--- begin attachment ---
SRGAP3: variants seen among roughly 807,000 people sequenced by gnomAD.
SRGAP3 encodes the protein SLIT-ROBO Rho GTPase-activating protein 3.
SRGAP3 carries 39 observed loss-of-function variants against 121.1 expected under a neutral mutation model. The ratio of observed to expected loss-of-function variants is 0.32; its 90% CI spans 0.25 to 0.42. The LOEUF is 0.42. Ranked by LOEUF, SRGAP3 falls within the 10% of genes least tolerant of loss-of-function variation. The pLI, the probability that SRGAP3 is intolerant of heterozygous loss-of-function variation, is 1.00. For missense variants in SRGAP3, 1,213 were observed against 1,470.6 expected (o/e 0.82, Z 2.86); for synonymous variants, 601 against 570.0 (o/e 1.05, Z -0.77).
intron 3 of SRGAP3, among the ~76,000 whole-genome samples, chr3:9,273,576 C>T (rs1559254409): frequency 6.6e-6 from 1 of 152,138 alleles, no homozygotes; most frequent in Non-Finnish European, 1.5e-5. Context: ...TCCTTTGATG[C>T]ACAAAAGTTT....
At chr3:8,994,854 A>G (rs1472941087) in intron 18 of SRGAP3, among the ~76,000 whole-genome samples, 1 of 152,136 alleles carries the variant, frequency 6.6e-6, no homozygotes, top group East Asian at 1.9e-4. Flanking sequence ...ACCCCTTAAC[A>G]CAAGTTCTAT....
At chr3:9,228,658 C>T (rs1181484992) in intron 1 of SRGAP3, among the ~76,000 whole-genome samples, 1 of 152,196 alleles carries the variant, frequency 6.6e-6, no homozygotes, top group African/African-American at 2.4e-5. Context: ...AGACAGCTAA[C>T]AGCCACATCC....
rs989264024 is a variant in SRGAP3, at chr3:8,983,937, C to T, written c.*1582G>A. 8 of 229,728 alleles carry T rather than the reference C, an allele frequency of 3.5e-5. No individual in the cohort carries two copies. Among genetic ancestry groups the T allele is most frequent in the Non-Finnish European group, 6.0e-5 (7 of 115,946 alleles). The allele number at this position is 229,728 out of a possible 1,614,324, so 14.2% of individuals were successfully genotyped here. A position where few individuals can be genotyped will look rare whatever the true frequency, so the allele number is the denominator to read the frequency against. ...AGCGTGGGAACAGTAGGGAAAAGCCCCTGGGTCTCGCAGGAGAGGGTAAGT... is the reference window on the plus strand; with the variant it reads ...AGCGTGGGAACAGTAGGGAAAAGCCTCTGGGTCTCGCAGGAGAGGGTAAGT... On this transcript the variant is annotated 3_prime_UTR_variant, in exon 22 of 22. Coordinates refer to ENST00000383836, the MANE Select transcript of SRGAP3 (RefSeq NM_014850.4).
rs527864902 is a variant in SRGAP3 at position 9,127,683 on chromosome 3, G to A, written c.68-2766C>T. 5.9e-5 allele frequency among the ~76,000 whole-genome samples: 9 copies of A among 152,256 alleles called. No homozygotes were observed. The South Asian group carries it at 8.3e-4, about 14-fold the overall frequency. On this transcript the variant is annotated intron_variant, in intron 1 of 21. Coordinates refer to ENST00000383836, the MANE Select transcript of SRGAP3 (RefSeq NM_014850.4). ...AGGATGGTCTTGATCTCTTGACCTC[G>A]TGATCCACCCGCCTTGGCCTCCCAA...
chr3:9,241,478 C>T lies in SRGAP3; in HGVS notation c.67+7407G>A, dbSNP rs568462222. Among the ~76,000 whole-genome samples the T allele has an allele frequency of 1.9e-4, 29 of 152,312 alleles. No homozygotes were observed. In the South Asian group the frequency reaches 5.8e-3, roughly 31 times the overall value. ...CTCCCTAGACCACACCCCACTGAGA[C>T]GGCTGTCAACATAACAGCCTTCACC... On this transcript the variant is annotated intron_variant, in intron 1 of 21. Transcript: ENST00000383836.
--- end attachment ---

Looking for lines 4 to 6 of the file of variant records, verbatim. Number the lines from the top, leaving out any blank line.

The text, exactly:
intron 3 of SRGAP3, among the ~76,000 whole-genome samples, chr3:9,273,576 C>T (rs1559254409): frequency 6.6e-6 from 1 of 152,138 alleles, no homozygotes; most frequent in Non-Finnish European, 1.5e-5. Context: ...TCCTTTGATG[C>T]ACAAAAGTTT....
At chr3:8,994,854 A>G (rs1472941087) in intron 18 of SRGAP3, among the ~76,000 whole-genome samples, 1 of 152,136 alleles carries the variant, frequency 6.6e-6, no homozygotes, top group East Asian at 1.9e-4. Flanking sequence ...ACCCCTTAAC[A>G]CAAGTTCTAT....
At chr3:9,228,658 C>T (rs1181484992) in intron 1 of SRGAP3, among the ~76,000 whole-genome samples, 1 of 152,196 alleles carries the variant, frequency 6.6e-6, no homozygotes, top group African/African-American at 2.4e-5. Context: ...AGACAGCTAA[C>T]AGCCACATCC....